The vision inspection system can detect cracking, pits, corrosion, etc. on the protective casings around each cable while it is difficult to perform quantitative analysis thereof. Considering this, a diameter measurement system for cables is designed, which mainly comprises a rotational platform and a diameter measurement instrument. The rotational platform mechanism is composed of a connecting sheet metal and a driving device (Fig. 4a), in which the connecting sheet metal aims to connect the climbing robot with the platform mechanism for diameter measurement. The rotational driving device consists of a large torque motor, a spur gear, and a crescent gear. The diameter measurement instrument is fixed on the crescent gear. To ensure accuracy of the diameter measurement instrument, it is necessary to use a group of V-shaped universal spheres as the benchmark of the diameter in one side of cables. The spring and three linear bearings are used to ensure that the group of V-shaped universal spheres can press against the cable (Fig. 4b) and at the same time the laser diameter measurement instrument is fixed by regulating the fixture. Under the driving effect of the motor, the crescent gear drives the diameter measurement instrument to move around the cables along the semi-circular guide to perform defect detection.

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Figure 4: Diameter measurement module

3  Principles Underpinning Image Detection and Diameter Measurement for Surface Damage Assessment

To extract the information about the surface damage to such cables, it is necessary to process and analyze the collected images and data; to attain the information on bulges on the cable surfaces, it is also essential to process the acquired data relating to the cable diameter.

3.1 Image Processing and Analysis

The acquired surface images also contain areas beyond the cables and are subject to interference from vibration and light. Hence, an improved local grey contrast enhancement method and an improved maximum correlation method for threshold segmentation are proposed to improve the defect detection performance.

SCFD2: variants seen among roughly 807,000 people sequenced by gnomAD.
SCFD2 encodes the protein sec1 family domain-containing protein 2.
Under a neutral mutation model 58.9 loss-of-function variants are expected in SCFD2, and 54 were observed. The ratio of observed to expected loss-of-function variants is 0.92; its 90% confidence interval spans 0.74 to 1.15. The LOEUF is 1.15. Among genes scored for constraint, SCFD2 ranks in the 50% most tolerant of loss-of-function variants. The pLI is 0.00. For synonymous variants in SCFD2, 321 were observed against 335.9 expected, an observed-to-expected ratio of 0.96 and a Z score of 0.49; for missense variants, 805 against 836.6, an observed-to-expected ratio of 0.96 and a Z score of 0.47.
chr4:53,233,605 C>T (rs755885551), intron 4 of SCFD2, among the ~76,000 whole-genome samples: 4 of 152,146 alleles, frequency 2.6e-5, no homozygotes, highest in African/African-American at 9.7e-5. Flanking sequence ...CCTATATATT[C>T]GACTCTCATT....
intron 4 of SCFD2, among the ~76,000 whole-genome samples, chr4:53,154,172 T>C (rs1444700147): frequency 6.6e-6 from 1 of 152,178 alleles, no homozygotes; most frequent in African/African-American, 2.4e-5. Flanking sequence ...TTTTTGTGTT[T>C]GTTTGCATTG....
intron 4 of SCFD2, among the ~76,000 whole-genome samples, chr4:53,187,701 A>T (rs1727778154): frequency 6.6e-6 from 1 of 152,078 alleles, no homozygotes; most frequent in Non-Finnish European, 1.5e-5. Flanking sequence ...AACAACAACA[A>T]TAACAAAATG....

3.1.1 Image Enhancement

The main part is extracted from the original image by using image matting method (Fig. 5).

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Figure 5: Extracting the part with cables from the original image

Considering the influences of light and different reflection characteristics of the cable surfaces, the surface defects of cables are possibly hidden and therefore it is necessary to highlight the defective areas on the cable surface through image enhancement. Although the light intensity of the defective areas possibly approaches, or is higher than, that of the background areas, the light and reflection characteristics of each small area both vary marginally when only considering localized small areas. Thus, the local grey contrast enhancement method is improved. At first, the extracted image of the cable areas is transformed into the grey scale image; the grey value of each pixel in the grey scale image is then transformed into the corresponding enhanced value.

The local grey contrast enhancement method proceeds as follows: the image collected by the robot is set as f(x,y), which also represents the grey level at pixel point (x,y), with the local small window of w and the size of w×h. The image with the enhanced grey level is determined as c(x,y), defined as follows: